“It doesn’t matter if you don’t know the music well, I just want you to sing it loud and proud,” Jen Shyu declares, as she teaches a traditional Taiwanese folk song to a group of her peers at the North American Taiwanese Womens Association’s 2nd Generation program in Los Angeles. This is, after all, a conference where the focus is on connecting the community, bridging this generation with the ones before, and taking pride in their collective sisterhood. During this session, Jen easily captures the group’s attention both with her glowing, forceful stage presence as well as her beautiful and captivating voice.
Officially, I am here on behalf of TaiwaneseAmerican.org to support NATWA II and to raise funds for their excellent array of year-round programs and scholarships. But secretly, I feel privileged to be surrounded by a group of talented and amazing women representing various professions, from community organizers to industry executives, from physicians to filmmakers. Artists certainly abound in this unique group of 2nd generation Taiwanese American women. Vocalist and composer Jen Shyu is certainly no exception, as her name is familiar among the modern jazz circles around the world.
She is here at this conference to perform at the closing night dinner and to share her stories with at least three generations of women of Taiwanese heritage. I’m fortunate enough to chat with her briefly to find out more about her dynamic career.
J: Well, I would say my music is a combination of who I am starting with the classical training I received, similar to many Asian Americans who are the children of immigrant parents. In this generation, there are many like me who pursued piano and violin, but in high school and college, I also studied opera. Then, I went through a rebellion period after college graduation.
J: Yes, I had met a group of Asian American jazz musicians, and that was my entrance into jazz and “creative music.” They inspired me to draw from my ancestry as an influence on my music.
Moving to New York was my full entrance into the tradition of jazz and also the rupture of my illusion of what I thought was “jazz,” which is what they say critics called it back in the day before musicians started calling it that. I began to learn
the real meaning and spirit of jazz. What it means to me now is a gestalt and complete unity of influences, from the music of Taiwan that I began to research, from classical to straight-ahead jazz, and from traditions around the world such as in Brazil and Cuba. From this process of self-discovery comes my music.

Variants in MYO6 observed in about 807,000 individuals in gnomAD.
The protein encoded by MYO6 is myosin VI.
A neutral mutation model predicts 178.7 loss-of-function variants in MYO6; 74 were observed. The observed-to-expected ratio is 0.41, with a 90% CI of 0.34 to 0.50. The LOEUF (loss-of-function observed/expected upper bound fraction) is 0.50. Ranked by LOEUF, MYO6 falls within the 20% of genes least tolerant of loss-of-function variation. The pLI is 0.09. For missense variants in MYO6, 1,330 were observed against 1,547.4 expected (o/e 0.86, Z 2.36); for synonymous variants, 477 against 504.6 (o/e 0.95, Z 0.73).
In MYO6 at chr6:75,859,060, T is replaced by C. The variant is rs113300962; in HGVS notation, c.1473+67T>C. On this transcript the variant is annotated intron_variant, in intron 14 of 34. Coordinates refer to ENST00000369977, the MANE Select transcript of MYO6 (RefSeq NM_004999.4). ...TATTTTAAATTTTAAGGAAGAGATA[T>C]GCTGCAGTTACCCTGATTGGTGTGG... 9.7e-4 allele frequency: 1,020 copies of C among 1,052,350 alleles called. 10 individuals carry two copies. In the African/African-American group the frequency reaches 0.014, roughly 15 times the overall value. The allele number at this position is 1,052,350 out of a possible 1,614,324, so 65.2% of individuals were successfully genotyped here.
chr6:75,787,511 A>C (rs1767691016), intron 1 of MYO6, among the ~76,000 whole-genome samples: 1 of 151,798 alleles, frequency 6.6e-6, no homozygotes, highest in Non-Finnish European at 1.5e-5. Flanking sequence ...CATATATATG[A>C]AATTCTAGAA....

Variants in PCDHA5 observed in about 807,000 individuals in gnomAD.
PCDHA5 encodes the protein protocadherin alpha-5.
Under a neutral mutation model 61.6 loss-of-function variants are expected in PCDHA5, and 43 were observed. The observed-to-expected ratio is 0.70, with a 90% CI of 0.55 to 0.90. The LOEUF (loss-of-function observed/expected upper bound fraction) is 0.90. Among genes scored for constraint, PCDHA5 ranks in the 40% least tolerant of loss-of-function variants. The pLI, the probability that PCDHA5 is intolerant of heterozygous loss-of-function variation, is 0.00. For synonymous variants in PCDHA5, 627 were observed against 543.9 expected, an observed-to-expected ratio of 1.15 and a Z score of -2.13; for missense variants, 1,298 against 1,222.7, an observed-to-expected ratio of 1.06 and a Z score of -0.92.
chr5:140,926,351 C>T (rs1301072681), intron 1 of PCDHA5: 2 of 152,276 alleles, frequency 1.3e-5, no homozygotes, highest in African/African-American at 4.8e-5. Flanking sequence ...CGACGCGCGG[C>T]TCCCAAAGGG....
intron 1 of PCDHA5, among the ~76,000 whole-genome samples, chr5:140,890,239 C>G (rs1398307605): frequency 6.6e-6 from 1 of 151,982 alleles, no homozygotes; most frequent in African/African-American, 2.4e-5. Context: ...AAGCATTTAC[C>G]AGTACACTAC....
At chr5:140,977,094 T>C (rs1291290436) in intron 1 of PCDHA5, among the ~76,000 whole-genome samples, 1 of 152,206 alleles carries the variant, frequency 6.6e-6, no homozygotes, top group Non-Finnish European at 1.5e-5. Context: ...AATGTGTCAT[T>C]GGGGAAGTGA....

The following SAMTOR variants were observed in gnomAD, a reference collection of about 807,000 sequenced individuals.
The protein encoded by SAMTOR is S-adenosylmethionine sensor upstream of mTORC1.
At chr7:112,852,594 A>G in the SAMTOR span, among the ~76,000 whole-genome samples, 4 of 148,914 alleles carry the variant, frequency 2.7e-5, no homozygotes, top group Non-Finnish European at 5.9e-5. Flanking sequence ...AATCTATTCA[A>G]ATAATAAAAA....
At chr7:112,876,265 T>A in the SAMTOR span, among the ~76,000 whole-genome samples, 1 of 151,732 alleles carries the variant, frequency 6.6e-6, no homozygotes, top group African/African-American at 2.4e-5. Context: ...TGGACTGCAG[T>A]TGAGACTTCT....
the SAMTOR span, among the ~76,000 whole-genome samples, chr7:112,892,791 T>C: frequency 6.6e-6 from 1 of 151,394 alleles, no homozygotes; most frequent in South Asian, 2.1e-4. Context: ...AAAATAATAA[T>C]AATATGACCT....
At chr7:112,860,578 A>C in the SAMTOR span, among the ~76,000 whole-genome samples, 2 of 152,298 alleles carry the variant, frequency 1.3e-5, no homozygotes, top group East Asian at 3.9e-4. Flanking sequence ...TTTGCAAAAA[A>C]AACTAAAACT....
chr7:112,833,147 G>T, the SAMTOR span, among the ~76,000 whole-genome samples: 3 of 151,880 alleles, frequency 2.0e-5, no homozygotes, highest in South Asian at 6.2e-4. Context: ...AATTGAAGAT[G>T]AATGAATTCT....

H: I must admit that I am quite impressed by your music and all the great musicians you’ve worked with, including Francis Wong and Jon Jang who are certainly well-recognized as musicians and activists!
J: Yes. I think what they taught me as well as other creative artists in the Asian improv circles in the San Francisco Bay Area was to widen our range. The artists in the Asian Improv community weren’t just Asian – they were any creative artist searching for their roots, whether they were Native American, Egyptian, Puerto Rican – we were all in touch with this part of expressing ourselves. As Francis advised, “you should find out what your job is in this world, this universe.” Both Jon and Francis were mentors that offered such sacred wisdom. Even as I moved from San Francisco to New York, their influence was and still is strong. They were my “creative parents” since my real parents weren’t musicians or artists and couldn’t give that specific advice to me. Jon and Francis were so politically active, and they inspired me to be as well.
H: Talking about people, places, and time… you’re so well-traveled! You’ve been to Holland, France, Italy, England, and Germany. You tour regularly through other parts of Europe. And currently, you’re in New York singing with Steve Coleman and Five Elements, right?
J: Exactly. That was another big change for me. I had lived in San Francisco for three years prior to meeting Steve Coleman. I was introduced to Steve by a Cuban drummer friend when I was visiting New York. At that time, I was just considering moving to New York, but I was still a little scared. When I met Steve and gave him my jazz CD, he said to me later, “well you have a nice voice, but what do you want to do with it? Do you want to just sing jazz standards or do you want to put yourself into the music?” What he was saying to me was that I should work harder to create and compose music that included my background. He thought that I had more potential than singing other people’s jazz songs. He pushed me to go further. He also pushed me to go back to Taiwan – the last time I had been there was when I was 7 yrs old.
J: Working with Asian Improv gave me the initial desire to investigate Taiwanese folk songs. Before I went off to college, my dad had stuffed a collection of folk songs into my luggage. But because I was into musical theater, opera, Western classical music, and other music,I never looked at it. Francis and Jon inspired me to check out that Taiwanese music and see if I could do something with it, which they often did in their music. So that was when I realized I need to go back to Taiwan in order to see the land, be among the people, and speak the language to really understand where this music was coming from. But I was floating, riding on the standards CD I had just produced, waiting for a grant which I didn’t get… and I knew that I eventually wanted to move to New York and also go to Taiwan, but I had this apartment lease, this teaching gig, a car, all these other excuses. So during this in-limbo period, I took some lessons with Steve, who was conceiving an album with voices and he was interested in my voice. When I told him of my desire of going to Taiwan as I knew it was the only way for me to get inside of those folk songs, he simply said, “Why don’t you just go? You could get hit by a bus tomorrow, and then what? You have to go now!” I took him seriously. During those lessons, he introduced me to the music of Charlie Parker, Art Tatum, Von Freeman, in that he had me listen to their improvisations by ear and sing it back by memory. It was difficult at first, like learning a new language. This is where it really begins – listening and getting inside of the music, the era, and the mentality – this is how you begin studying improvisation. And one of the most sophisticated traditions of improvisation is this jazz tradition which was developed by African Americans, which inspired me to find myself. After those lessons, I broke my apartment lease, quit my teaching gig, and went straight to Taiwan.